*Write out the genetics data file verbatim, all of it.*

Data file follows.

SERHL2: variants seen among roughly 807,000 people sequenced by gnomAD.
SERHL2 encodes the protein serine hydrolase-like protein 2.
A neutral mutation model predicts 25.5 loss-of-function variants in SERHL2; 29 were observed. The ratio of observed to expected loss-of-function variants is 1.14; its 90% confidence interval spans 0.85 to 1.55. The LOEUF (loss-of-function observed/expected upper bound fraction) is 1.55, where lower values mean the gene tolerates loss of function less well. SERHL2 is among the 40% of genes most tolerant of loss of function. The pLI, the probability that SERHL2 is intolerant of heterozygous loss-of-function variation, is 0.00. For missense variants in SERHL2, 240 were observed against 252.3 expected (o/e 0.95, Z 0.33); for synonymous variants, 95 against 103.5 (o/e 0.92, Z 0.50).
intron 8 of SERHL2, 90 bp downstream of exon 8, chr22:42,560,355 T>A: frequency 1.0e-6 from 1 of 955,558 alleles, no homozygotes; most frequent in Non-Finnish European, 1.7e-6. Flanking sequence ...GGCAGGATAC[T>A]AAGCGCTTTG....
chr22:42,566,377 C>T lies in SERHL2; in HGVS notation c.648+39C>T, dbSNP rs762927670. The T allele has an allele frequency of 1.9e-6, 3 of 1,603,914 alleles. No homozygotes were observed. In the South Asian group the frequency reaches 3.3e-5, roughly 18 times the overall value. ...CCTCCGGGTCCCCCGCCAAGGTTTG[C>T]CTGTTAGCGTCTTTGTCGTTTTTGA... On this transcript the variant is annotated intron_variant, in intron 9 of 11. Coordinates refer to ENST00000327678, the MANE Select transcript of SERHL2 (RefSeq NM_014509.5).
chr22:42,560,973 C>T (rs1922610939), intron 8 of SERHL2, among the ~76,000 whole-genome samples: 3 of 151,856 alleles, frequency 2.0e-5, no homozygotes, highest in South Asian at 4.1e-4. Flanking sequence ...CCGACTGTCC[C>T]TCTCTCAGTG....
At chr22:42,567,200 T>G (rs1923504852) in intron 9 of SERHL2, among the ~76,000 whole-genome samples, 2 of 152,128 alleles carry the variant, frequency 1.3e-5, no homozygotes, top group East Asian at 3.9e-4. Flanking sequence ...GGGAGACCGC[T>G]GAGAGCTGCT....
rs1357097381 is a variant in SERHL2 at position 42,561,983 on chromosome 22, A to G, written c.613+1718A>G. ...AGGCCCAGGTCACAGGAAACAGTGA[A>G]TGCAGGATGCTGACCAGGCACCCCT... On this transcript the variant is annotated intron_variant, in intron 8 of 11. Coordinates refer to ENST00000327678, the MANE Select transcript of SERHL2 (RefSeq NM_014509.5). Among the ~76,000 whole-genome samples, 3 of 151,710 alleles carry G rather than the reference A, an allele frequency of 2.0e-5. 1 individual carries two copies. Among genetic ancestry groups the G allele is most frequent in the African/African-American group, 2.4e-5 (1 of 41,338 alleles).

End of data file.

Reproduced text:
SERHL2: variants seen among roughly 807,000 people sequenced by gnomAD.
SERHL2 encodes the protein serine hydrolase-like protein 2.
A neutral mutation model predicts 25.5 loss-of-function variants in SERHL2; 29 were observed. The ratio of observed to expected loss-of-function variants is 1.14; its 90% confidence interval spans 0.85 to 1.55. The LOEUF (loss-of-function observed/expected upper bound fraction) is 1.55, where lower values mean the gene tolerates loss of function less well. SERHL2 is among the 40% of genes most tolerant of loss of function. The pLI, the probability that SERHL2 is intolerant of heterozygous loss-of-function variation, is 0.00. For missense variants in SERHL2, 240 were observed against 252.3 expected (o/e 0.95, Z 0.33); for synonymous variants, 95 against 103.5 (o/e 0.92, Z 0.50).
intron 8 of SERHL2, 90 bp downstream of exon 8, chr22:42,560,355 T>A: frequency 1.0e-6 from 1 of 955,558 alleles, no homozygotes; most frequent in Non-Finnish European, 1.7e-6. Flanking sequence ...GGCAGGATAC[T>A]AAGCGCTTTG....
chr22:42,566,377 C>T lies in SERHL2; in HGVS notation c.648+39C>T, dbSNP rs762927670. The T allele has an allele frequency of 1.9e-6, 3 of 1,603,914 alleles. No homozygotes were observed. In the South Asian group the frequency reaches 3.3e-5, roughly 18 times the overall value. ...CCTCCGGGTCCCCCGCCAAGGTTTG[C>T]CTGTTAGCGTCTTTGTCGTTTTTGA... On this transcript the variant is annotated intron_variant, in intron 9 of 11. Coordinates refer to ENST00000327678, the MANE Select transcript of SERHL2 (RefSeq NM_014509.5).
chr22:42,560,973 C>T (rs1922610939), intron 8 of SERHL2, among the ~76,000 whole-genome samples: 3 of 151,856 alleles, frequency 2.0e-5, no homozygotes, highest in South Asian at 4.1e-4. Flanking sequence ...CCGACTGTCC[C>T]TCTCTCAGTG....
At chr22:42,567,200 T>G (rs1923504852) in intron 9 of SERHL2, among the ~76,000 whole-genome samples, 2 of 152,128 alleles carry the variant, frequency 1.3e-5, no homozygotes, top group East Asian at 3.9e-4. Flanking sequence ...GGGAGACCGC[T>G]GAGAGCTGCT....
rs1357097381 is a variant in SERHL2 at position 42,561,983 on chromosome 22, A to G, written c.613+1718A>G. ...AGGCCCAGGTCACAGGAAACAGTGA[A>G]TGCAGGATGCTGACCAGGCACCCCT... On this transcript the variant is annotated intron_variant, in intron 8 of 11. Coordinates refer to ENST00000327678, the MANE Select transcript of SERHL2 (RefSeq NM_014509.5). Among the ~76,000 whole-genome samples, 3 of 151,710 alleles carry G rather than the reference A, an allele frequency of 2.0e-5. 1 individual carries two copies. Among genetic ancestry groups the G allele is most frequent in the African/African-American group, 2.4e-5 (1 of 41,338 alleles).